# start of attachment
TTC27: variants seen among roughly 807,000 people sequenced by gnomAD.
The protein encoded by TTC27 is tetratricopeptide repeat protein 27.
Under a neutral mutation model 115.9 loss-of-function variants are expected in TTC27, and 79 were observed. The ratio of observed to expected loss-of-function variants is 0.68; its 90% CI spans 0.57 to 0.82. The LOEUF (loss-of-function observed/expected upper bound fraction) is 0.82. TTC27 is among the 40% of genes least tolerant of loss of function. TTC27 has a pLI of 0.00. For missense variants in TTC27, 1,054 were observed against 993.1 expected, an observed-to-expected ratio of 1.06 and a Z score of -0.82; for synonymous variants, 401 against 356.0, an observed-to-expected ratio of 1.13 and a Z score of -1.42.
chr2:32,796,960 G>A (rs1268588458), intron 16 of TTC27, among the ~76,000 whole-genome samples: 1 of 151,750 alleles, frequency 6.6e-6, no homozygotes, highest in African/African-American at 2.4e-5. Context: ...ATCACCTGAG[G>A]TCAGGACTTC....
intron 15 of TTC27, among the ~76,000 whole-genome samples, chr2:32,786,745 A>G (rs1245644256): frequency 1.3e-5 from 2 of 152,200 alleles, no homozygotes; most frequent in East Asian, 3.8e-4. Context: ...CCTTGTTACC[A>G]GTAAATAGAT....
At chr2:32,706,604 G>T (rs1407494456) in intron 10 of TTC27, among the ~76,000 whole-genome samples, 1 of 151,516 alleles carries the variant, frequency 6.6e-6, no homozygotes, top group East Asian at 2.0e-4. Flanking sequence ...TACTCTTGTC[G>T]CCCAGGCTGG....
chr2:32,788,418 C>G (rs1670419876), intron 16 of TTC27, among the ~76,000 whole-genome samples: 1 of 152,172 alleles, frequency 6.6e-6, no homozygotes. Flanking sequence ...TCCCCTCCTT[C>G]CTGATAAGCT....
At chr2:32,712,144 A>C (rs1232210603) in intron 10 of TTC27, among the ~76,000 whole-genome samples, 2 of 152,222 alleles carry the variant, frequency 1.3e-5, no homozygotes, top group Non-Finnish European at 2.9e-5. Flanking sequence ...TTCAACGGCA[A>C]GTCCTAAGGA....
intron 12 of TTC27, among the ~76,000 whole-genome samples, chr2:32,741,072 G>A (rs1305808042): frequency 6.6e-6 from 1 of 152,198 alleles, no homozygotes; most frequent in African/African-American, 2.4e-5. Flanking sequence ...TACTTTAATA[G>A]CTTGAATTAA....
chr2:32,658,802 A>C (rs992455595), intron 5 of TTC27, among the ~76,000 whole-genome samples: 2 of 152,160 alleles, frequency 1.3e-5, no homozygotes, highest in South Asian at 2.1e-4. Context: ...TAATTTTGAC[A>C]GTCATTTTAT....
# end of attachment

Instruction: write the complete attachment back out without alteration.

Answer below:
TTC27: variants seen among roughly 807,000 people sequenced by gnomAD.
The protein encoded by TTC27 is tetratricopeptide repeat protein 27.
Under a neutral mutation model 115.9 loss-of-function variants are expected in TTC27, and 79 were observed. The ratio of observed to expected loss-of-function variants is 0.68; its 90% CI spans 0.57 to 0.82. The LOEUF (loss-of-function observed/expected upper bound fraction) is 0.82. TTC27 is among the 40% of genes least tolerant of loss of function. TTC27 has a pLI of 0.00. For missense variants in TTC27, 1,054 were observed against 993.1 expected, an observed-to-expected ratio of 1.06 and a Z score of -0.82; for synonymous variants, 401 against 356.0, an observed-to-expected ratio of 1.13 and a Z score of -1.42.
chr2:32,796,960 G>A (rs1268588458), intron 16 of TTC27, among the ~76,000 whole-genome samples: 1 of 151,750 alleles, frequency 6.6e-6, no homozygotes, highest in African/African-American at 2.4e-5. Context: ...ATCACCTGAG[G>A]TCAGGACTTC....
intron 15 of TTC27, among the ~76,000 whole-genome samples, chr2:32,786,745 A>G (rs1245644256): frequency 1.3e-5 from 2 of 152,200 alleles, no homozygotes; most frequent in East Asian, 3.8e-4. Context: ...CCTTGTTACC[A>G]GTAAATAGAT....
At chr2:32,706,604 G>T (rs1407494456) in intron 10 of TTC27, among the ~76,000 whole-genome samples, 1 of 151,516 alleles carries the variant, frequency 6.6e-6, no homozygotes, top group East Asian at 2.0e-4. Flanking sequence ...TACTCTTGTC[G>T]CCCAGGCTGG....
chr2:32,788,418 C>G (rs1670419876), intron 16 of TTC27, among the ~76,000 whole-genome samples: 1 of 152,172 alleles, frequency 6.6e-6, no homozygotes. Flanking sequence ...TCCCCTCCTT[C>G]CTGATAAGCT....
At chr2:32,712,144 A>C (rs1232210603) in intron 10 of TTC27, among the ~76,000 whole-genome samples, 2 of 152,222 alleles carry the variant, frequency 1.3e-5, no homozygotes, top group Non-Finnish European at 2.9e-5. Flanking sequence ...TTCAACGGCA[A>C]GTCCTAAGGA....
intron 12 of TTC27, among the ~76,000 whole-genome samples, chr2:32,741,072 G>A (rs1305808042): frequency 6.6e-6 from 1 of 152,198 alleles, no homozygotes; most frequent in African/African-American, 2.4e-5. Flanking sequence ...TACTTTAATA[G>A]CTTGAATTAA....
chr2:32,658,802 A>C (rs992455595), intron 5 of TTC27, among the ~76,000 whole-genome samples: 2 of 152,160 alleles, frequency 1.3e-5, no homozygotes, highest in South Asian at 2.1e-4. Context: ...TAATTTTGAC[A>C]GTCATTTTAT....